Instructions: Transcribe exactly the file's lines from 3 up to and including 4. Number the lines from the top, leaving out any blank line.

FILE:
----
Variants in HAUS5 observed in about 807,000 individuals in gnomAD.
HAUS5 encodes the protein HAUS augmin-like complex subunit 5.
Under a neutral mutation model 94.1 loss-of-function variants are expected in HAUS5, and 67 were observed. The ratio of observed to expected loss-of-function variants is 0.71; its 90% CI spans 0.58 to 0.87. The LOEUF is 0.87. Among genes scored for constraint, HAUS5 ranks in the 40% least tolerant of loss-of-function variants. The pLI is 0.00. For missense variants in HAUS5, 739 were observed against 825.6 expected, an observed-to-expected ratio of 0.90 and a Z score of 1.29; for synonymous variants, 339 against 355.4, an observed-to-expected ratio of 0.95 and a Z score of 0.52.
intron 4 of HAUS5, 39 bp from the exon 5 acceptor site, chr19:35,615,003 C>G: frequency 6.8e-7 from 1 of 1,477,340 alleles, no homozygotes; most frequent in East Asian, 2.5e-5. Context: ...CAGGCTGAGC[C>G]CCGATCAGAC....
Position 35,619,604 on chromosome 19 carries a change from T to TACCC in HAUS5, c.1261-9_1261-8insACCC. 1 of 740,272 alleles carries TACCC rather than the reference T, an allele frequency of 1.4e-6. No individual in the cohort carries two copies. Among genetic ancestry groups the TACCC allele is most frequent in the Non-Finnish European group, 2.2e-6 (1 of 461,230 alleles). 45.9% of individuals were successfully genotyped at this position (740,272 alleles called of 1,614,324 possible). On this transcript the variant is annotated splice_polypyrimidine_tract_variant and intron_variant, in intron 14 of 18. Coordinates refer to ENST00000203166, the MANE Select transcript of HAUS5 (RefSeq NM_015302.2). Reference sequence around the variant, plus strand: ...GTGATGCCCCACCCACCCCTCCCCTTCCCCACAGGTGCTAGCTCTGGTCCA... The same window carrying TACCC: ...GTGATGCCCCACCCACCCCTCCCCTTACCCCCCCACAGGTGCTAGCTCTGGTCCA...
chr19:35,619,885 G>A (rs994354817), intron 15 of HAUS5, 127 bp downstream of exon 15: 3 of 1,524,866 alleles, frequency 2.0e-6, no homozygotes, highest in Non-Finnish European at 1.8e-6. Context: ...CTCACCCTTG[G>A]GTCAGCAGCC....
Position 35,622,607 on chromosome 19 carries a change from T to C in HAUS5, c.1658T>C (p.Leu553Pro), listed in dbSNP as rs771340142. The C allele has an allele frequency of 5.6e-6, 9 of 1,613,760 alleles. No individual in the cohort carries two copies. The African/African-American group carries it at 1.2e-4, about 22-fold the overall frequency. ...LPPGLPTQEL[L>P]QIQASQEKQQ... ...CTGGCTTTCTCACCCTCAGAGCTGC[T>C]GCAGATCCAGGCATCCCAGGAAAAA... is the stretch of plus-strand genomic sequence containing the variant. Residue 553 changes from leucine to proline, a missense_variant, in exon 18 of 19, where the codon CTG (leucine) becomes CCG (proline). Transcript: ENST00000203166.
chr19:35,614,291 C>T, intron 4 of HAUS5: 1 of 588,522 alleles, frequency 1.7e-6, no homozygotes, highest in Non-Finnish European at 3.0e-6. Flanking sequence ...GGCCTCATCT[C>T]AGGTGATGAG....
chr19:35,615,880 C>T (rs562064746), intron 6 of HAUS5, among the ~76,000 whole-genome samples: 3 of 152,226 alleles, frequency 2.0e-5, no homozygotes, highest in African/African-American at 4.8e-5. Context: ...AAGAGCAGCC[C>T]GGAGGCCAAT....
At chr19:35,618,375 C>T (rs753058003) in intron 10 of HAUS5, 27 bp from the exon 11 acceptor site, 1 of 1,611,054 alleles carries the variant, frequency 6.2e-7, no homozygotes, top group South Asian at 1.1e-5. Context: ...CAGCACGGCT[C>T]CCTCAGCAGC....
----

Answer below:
Under a neutral mutation model 94.1 loss-of-function variants are expected in HAUS5, and 67 were observed. The ratio of observed to expected loss-of-function variants is 0.71; its 90% CI spans 0.58 to 0.87. The LOEUF is 0.87. Among genes scored for constraint, HAUS5 ranks in the 40% least tolerant of loss-of-function variants. The pLI is 0.00. For missense variants in HAUS5, 739 were observed against 825.6 expected, an observed-to-expected ratio of 0.90 and a Z score of 1.29; for synonymous variants, 339 against 355.4, an observed-to-expected ratio of 0.95 and a Z score of 0.52.
intron 4 of HAUS5, 39 bp from the exon 5 acceptor site, chr19:35,615,003 C>G: frequency 6.8e-7 from 1 of 1,477,340 alleles, no homozygotes; most frequent in East Asian, 2.5e-5. Context: ...CAGGCTGAGC[C>G]CCGATCAGAC....